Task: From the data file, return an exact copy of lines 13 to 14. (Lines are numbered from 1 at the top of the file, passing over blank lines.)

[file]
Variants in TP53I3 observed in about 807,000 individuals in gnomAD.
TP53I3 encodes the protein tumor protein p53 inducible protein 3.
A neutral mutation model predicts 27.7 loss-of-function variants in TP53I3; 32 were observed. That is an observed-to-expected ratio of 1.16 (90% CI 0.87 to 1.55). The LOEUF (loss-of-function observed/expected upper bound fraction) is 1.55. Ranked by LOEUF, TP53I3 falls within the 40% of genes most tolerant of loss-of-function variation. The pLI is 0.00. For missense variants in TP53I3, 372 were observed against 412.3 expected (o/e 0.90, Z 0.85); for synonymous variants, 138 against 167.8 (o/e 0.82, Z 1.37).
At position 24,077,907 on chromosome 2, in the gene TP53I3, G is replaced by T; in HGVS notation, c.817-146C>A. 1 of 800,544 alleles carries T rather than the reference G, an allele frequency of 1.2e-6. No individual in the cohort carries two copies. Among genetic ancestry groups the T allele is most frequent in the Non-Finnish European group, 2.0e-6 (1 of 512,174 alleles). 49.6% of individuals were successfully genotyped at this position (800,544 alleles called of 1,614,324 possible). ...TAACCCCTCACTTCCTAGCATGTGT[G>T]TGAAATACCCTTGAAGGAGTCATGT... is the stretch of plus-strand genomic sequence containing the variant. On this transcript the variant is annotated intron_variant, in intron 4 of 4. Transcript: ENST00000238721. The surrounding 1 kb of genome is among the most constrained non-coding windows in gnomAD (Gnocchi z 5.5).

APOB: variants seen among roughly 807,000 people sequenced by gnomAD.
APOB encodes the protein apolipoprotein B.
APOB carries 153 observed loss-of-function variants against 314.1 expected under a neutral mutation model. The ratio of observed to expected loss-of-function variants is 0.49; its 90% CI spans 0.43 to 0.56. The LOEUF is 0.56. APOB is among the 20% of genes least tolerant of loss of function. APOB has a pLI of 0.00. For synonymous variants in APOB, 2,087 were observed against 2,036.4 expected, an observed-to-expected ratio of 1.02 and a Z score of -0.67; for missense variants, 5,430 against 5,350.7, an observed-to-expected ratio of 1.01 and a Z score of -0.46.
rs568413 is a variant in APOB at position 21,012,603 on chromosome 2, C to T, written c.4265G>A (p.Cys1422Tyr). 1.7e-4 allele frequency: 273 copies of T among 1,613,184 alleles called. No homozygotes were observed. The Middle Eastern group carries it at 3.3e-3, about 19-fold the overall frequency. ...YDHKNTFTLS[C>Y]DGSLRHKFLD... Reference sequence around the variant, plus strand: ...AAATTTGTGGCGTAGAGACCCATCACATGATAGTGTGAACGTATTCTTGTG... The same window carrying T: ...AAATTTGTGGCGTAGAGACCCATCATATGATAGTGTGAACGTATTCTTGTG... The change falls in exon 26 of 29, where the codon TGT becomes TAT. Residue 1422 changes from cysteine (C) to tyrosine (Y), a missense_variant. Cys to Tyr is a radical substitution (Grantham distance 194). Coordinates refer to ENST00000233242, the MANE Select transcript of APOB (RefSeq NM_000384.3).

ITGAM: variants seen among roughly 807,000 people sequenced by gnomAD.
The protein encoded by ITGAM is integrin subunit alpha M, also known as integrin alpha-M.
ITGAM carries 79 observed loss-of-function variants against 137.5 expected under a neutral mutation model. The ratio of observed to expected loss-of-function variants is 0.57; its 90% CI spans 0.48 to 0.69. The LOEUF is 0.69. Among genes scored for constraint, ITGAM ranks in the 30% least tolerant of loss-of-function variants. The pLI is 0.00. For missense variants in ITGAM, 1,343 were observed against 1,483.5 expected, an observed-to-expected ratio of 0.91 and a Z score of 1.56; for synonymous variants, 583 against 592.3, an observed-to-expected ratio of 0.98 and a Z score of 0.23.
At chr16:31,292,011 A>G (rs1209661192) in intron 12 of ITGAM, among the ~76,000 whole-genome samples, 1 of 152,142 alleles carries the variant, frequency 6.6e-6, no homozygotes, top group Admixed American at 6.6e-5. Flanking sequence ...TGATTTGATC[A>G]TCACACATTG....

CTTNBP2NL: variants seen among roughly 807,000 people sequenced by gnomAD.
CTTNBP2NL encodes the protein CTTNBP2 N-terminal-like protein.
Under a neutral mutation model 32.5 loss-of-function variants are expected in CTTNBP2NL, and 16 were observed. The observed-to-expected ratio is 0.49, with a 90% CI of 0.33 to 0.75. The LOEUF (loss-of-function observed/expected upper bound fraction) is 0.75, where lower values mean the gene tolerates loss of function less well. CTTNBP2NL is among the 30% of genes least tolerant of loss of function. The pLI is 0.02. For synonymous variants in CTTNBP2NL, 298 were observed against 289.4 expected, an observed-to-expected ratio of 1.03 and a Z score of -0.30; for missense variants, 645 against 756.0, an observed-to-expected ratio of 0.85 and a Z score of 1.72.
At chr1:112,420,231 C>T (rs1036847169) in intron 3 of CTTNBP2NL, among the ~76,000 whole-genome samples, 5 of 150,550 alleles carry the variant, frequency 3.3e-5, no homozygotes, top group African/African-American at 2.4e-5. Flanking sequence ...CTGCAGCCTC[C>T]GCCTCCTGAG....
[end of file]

CTTNBP2NL: variants seen among roughly 807,000 people sequenced by gnomAD.
CTTNBP2NL encodes the protein CTTNBP2 N-terminal-like protein.